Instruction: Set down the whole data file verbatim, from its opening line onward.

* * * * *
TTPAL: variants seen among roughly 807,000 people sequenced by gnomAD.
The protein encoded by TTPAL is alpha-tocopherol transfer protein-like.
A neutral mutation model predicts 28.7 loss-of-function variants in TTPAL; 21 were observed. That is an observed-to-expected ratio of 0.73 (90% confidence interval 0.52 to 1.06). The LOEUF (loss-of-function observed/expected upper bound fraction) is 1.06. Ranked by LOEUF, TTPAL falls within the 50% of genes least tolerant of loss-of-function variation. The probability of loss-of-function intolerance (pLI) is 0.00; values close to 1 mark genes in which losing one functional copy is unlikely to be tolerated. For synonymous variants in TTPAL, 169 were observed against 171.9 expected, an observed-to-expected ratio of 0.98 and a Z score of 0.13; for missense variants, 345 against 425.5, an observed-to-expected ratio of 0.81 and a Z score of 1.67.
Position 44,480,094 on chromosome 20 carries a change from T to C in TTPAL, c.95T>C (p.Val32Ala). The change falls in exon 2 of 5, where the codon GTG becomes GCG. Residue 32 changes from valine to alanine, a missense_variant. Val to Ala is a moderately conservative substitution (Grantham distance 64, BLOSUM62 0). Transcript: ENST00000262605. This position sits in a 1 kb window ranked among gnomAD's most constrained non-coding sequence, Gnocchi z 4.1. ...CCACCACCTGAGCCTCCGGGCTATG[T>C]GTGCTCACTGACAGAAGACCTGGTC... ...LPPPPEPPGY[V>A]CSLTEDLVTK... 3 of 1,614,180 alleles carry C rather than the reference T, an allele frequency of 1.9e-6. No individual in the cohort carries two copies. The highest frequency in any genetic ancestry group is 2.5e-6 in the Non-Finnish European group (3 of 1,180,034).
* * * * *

TTPAL: variants seen among roughly 807,000 people sequenced by gnomAD.
The protein encoded by TTPAL is alpha-tocopherol transfer protein-like.
A neutral mutation model predicts 28.7 loss-of-function variants in TTPAL; 21 were observed. That is an observed-to-expected ratio of 0.73 (90% confidence interval 0.52 to 1.06). The LOEUF (loss-of-function observed/expected upper bound fraction) is 1.06. Ranked by LOEUF, TTPAL falls within the 50% of genes least tolerant of loss-of-function variation. The probability of loss-of-function intolerance (pLI) is 0.00; values close to 1 mark genes in which losing one functional copy is unlikely to be tolerated. For synonymous variants in TTPAL, 169 were observed against 171.9 expected, an observed-to-expected ratio of 0.98 and a Z score of 0.13; for missense variants, 345 against 425.5, an observed-to-expected ratio of 0.81 and a Z score of 1.67.
Position 44,480,094 on chromosome 20 carries a change from T to C in TTPAL, c.95T>C (p.Val32Ala). The change falls in exon 2 of 5, where the codon GTG becomes GCG. Residue 32 changes from valine to alanine, a missense_variant. Val to Ala is a moderately conservative substitution (Grantham distance 64, BLOSUM62 0). Transcript: ENST00000262605. This position sits in a 1 kb window ranked among gnomAD's most constrained non-coding sequence, Gnocchi z 4.1. ...CCACCACCTGAGCCTCCGGGCTATG[T>C]GTGCTCACTGACAGAAGACCTGGTC... ...LPPPPEPPGY[V>A]CSLTEDLVTK... 3 of 1,614,180 alleles carry C rather than the reference T, an allele frequency of 1.9e-6. No individual in the cohort carries two copies. The highest frequency in any genetic ancestry group is 2.5e-6 in the Non-Finnish European group (3 of 1,180,034).